Tilka Manjhi: The Tribal Freedom Fighter


Baba Tilka Manjhi, also known as Jabra Paharia, emerged as the pioneering Adivasi leader who boldly confronted the British in 1784, a significant seven decades prior to Mangal Pandey’s uprising. His pivotal role involved uniting Adivasis, orchestrating the formation of an armed collective aimed at resisting British exploitation and resource seizure. Born in the tribal heartlands, Manjhi witnessed firsthand the oppression unleashed by the English on his people and their lands. Motivated by a deep-seated commitment to justice, he initiated a rebellion against the British, leading tribal warriors into the forested regions of Bhagalpur and Sultanganj. Manjhi’s early resistance laid the groundwork for future struggles against colonial oppression, marking him as a trailblazer in the fight for Adivasi rights and autonomy.

Heartland Chronicles: Tilka Manjhi's Formative Years

Tilka Majhi, born on February 11, 1750, in Sultanganj, Bihar, hailed from the quaint village of Tilakpur, belonging to the Santhal community. Sundara Murmu, his father, played a crucial role in shaping Tilka's early years. Growing up amidst the rich tapestry of forest civilization, Tilka's childhood was a symphony of adventures—hunting wild animals, engaging in wrestling bouts, climbing towering trees, exploring valleys, and reveling in the company of wild creatures. His daily routine was woven with the threads of nature, meandering through untamed forests and along rivers.Immersed in the wilderness, Tilka developed a profound connection with the natural world, fostering fearlessness and bravery within him. The vibrant landscapes became his playground, and the diversity of wildlife became his companions. This upbringing in the lap of nature not only instilled resilience in Tilka but also laid the foundation for his future endeavors as a leader and freedom fighter. The seeds of courage and fortitude sown in his early years would later blossom into a fervent dedication to the cause of tribal rights and resistance against British oppression.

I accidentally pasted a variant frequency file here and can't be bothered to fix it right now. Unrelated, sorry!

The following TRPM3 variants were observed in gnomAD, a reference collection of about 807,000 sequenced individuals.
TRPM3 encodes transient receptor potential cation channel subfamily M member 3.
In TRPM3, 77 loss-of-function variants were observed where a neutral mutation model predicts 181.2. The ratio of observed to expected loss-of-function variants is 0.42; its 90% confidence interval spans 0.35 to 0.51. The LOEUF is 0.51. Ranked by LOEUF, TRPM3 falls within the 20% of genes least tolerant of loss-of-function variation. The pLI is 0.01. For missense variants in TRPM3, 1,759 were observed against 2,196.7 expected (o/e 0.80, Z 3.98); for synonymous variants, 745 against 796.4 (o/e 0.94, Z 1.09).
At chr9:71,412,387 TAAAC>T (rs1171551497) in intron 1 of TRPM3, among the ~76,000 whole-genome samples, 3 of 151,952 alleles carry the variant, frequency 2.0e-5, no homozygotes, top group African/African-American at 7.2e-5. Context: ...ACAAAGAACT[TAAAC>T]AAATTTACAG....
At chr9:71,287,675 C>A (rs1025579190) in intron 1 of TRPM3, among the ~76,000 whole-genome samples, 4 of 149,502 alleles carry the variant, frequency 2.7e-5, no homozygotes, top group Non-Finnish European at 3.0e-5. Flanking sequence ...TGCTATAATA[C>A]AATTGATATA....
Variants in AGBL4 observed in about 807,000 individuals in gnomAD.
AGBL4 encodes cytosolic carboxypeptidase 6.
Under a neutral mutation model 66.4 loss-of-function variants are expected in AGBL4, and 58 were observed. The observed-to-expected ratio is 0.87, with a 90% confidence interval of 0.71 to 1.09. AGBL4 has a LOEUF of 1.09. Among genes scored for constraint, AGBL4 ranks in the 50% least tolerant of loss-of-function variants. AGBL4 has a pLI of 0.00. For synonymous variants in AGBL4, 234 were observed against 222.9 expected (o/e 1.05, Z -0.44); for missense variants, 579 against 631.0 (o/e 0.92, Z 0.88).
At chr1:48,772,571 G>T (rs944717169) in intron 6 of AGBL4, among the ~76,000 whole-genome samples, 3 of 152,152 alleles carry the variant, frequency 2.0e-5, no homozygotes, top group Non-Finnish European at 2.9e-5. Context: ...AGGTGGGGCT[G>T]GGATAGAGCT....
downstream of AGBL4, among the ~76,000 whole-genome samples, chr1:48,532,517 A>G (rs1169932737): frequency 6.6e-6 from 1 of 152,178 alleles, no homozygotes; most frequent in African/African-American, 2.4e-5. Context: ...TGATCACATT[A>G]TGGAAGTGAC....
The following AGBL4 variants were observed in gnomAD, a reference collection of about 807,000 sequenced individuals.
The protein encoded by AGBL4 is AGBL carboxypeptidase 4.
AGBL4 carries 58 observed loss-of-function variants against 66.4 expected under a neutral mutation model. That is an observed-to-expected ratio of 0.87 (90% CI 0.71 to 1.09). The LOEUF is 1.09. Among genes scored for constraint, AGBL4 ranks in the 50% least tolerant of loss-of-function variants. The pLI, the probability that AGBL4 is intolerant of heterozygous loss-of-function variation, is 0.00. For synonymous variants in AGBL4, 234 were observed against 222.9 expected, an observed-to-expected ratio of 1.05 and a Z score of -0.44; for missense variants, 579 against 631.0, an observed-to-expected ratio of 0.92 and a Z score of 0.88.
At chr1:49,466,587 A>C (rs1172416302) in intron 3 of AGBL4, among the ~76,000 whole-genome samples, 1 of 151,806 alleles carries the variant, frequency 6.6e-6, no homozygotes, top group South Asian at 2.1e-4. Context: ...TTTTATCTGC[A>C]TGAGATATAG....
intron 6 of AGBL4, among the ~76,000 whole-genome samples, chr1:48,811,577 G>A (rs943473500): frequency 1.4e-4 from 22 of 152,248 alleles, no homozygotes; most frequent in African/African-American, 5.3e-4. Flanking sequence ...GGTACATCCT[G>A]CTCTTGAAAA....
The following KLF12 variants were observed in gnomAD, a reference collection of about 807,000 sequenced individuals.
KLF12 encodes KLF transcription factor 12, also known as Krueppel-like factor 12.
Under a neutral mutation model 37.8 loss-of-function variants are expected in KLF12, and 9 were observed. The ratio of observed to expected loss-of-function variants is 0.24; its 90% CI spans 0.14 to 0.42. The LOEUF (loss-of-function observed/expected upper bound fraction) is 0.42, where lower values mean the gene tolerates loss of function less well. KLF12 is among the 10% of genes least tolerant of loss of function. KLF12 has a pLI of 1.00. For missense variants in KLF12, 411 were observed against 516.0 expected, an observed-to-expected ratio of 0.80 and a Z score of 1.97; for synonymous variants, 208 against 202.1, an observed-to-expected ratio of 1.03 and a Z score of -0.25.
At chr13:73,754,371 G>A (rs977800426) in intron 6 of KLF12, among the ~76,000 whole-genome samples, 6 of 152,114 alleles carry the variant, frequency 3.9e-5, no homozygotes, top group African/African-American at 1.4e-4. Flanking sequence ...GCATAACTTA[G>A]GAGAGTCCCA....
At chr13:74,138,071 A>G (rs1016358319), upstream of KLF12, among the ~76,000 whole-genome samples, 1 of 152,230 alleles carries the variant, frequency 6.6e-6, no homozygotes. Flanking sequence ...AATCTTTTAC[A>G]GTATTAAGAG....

Tilka Manjhi
Freedom Fighter Tilka Manjhi

Igniting the Flame: Tilka Manjhi's Call to Resistance

From his early years, Tilka Manjhi bore witness to the tyranny inflicted by the English upon his family and fellow tribal members. The British rulers exerted their authority over the cultivated lands and untamed trees of the impoverished tribes. Tribal individuals, encompassing children, women, and elderly men, faced severe persecution at the hands of the British oppressors. The Sardars, who inhabited the hill lands, engaged in a valiant struggle against the English government to safeguard their territories.

Mountains harbored landlords who, in a bid to appease the British, facilitated the exploitation of the tribal lands in exchange for financial gains. This systemic injustice and exploitation fueled the flame of rebellion within Tilka. In a historic turning point, Tilka initiated a revolt against the British oppressors. Leading a band of tribal warriors, Tilka charted a course toward the forested realms of Bhagalpur and Sultanganj.

The rebellion spearheaded by Tilka and his tribal comrades marked a resolute stand against the systemic exploitation and oppression inflicted upon their communities. The journey towards Bhagalpur and Sultanganj not only symbolized a physical movement but also a courageous stride towards reclaiming autonomy and justice for the tribal populace. This pivotal moment laid the groundwork for a spirited resistance that aimed to challenge the entrenched powers and restore the rights of the marginalized tribal communities.

The Santhal Uprising: Tilka's Saga in Bhagalpur

Tilka Majhi emerged as a formidable leader during the tribal revolt against the British from 1771 to 1784. In a strategic move in 1778, he joined forces with Pahadia Sardars, successfully wresting the Ramgarh Camp from the British. Tilka’s relentless conflict with the English government led to pitched battles, notably against Cleve Land and Sir Eyre. Employing guerilla tactics, Tilka’s forces engaged in covert attacks, launching arrows on the British army during combat.

A pivotal moment occurred when Tilka, perched atop a palm tree, confronted CleveLand, who approached on horseback. In a display of exceptional skill and bravery, Tilka delivered a fatal blow to Superintendent CleveLand on January 13, 1784, with his arrows. The news of Cleve Land’s demise sent shockwaves through the English government, creating a sense of vulnerability among rulers, soldiers, and officers who found themselves enveloped in an atmosphere of fear.

Tilka Majhi’s strategic prowess and daring actions not only marked a significant chapter in the tribal resistance but also underscored the impact of guerilla warfare against a powerful adversary. His legacy as a fearless leader continues to echo through the annals of history, symbolizing the resilience of those who dared to challenge colonial oppression.

Unity in Arms: Tilka Manjhi's Leadership in Tribal Warfare